March 13, 2010
I worked as a volunteer as chair of the Mississippi Chapter of Sierra Club for a number of years working on issues like wetlands protection and toxics when we were devastated by Hurricane Katrina. Soon after people starting receiving FEMA trailers, many people were getting sick. After one couple tested their trailer and found high formaldehyde levels, we were able to get funding to purchase test kits to see how widespread the problem was.
What we found was shocking. About nine out of ten trailers initially tested were over recommendations for even 15 minutes of exposure. Sierra Club helped us publicize those testing results, and we followed up with testing over the next four years that confirmed a continuing problem.
Sierra Club also helped us bring witnesses to Congressional hearings on this to put a personal face on the problem. And, very significantly, Sierra Club followed up with major campaigns to encourage EPA to develop standards to protect Americans from toxic formaldehyde exposure. The club has also supported legislation now in both the House and Senate to adopt formaldehyde regulations that should have been in place decades ago.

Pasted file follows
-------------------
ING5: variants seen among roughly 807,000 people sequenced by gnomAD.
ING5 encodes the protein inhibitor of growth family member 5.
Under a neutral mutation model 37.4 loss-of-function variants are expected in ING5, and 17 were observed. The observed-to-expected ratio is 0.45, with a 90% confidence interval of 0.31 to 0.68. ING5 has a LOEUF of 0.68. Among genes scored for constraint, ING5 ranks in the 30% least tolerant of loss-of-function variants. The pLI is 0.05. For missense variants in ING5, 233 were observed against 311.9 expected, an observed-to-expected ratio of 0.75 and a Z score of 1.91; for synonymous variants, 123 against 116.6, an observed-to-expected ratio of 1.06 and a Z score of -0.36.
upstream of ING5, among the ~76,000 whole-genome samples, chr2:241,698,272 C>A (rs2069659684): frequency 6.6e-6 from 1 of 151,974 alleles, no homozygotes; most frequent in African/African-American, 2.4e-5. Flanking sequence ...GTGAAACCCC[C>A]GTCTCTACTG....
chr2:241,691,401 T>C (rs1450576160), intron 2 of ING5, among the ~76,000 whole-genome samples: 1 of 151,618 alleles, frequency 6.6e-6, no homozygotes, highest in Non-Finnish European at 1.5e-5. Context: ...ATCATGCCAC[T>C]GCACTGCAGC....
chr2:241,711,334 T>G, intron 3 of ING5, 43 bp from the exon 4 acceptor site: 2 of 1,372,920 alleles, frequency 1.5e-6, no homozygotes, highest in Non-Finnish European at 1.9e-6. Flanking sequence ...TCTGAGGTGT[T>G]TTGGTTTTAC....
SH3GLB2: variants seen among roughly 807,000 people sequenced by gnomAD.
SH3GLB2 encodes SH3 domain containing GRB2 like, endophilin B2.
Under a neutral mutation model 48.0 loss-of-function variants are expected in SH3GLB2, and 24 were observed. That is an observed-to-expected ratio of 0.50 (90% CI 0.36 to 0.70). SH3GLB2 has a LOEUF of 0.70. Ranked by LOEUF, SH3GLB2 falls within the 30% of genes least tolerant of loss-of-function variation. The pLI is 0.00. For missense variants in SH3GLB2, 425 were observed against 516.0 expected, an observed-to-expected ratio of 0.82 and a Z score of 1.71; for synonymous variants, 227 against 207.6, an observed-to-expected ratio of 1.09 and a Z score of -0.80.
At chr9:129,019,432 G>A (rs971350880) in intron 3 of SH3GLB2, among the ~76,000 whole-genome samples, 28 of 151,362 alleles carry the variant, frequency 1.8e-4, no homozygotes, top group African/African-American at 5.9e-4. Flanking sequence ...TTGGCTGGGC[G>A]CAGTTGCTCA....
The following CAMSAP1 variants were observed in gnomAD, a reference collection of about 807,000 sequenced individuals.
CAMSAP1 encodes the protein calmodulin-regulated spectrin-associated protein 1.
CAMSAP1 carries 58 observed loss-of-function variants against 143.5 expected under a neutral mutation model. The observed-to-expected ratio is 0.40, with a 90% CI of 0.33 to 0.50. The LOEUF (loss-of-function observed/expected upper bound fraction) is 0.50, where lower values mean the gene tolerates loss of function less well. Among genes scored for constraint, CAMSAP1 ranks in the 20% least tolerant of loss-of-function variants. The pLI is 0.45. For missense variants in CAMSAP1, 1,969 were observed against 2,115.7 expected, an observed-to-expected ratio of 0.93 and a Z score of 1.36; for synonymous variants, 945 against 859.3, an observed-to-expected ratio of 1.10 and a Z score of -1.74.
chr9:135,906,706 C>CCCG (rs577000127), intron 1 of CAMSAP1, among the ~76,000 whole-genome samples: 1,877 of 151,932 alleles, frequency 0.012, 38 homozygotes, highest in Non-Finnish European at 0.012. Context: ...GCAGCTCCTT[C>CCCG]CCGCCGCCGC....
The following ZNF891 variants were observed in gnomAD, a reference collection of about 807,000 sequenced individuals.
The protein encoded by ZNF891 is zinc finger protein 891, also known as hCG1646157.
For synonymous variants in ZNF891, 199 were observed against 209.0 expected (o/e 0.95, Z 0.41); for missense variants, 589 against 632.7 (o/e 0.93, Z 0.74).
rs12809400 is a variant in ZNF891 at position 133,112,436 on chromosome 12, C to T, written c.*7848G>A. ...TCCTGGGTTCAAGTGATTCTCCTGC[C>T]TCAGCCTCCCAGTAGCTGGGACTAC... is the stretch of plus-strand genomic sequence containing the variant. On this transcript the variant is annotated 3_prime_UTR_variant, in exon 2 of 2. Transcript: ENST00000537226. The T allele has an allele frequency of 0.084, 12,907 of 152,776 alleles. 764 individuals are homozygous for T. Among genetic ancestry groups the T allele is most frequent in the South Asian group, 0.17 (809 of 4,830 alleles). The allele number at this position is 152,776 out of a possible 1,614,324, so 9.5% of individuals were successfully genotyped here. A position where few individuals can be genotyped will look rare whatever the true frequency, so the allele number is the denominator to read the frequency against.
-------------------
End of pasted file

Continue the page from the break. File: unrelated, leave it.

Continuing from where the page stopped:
What I've enjoyed the most about my experience with this nonprofit is...
being able to have an impact on people's health by exposing this problem and working to find solutions to prevent people from being exposed to toxic levels of formaldehyde in the future.
If this organization had 10 million bucks, it could...
make an even bigger dent in offsetting the pervasive influence big industry has when it uses campaign finance contributions and tainted scientific research to try to prevent regulations to protect people's health.
How frequently have you been involved with the organization?
About every week
When was your last experience with this nonprofit?
Volunteer & I helped oversee testing of the FEMA trailers, organized press conferences to publicize the results, and provided advise and assistance to people suffering from health problems in the trailers.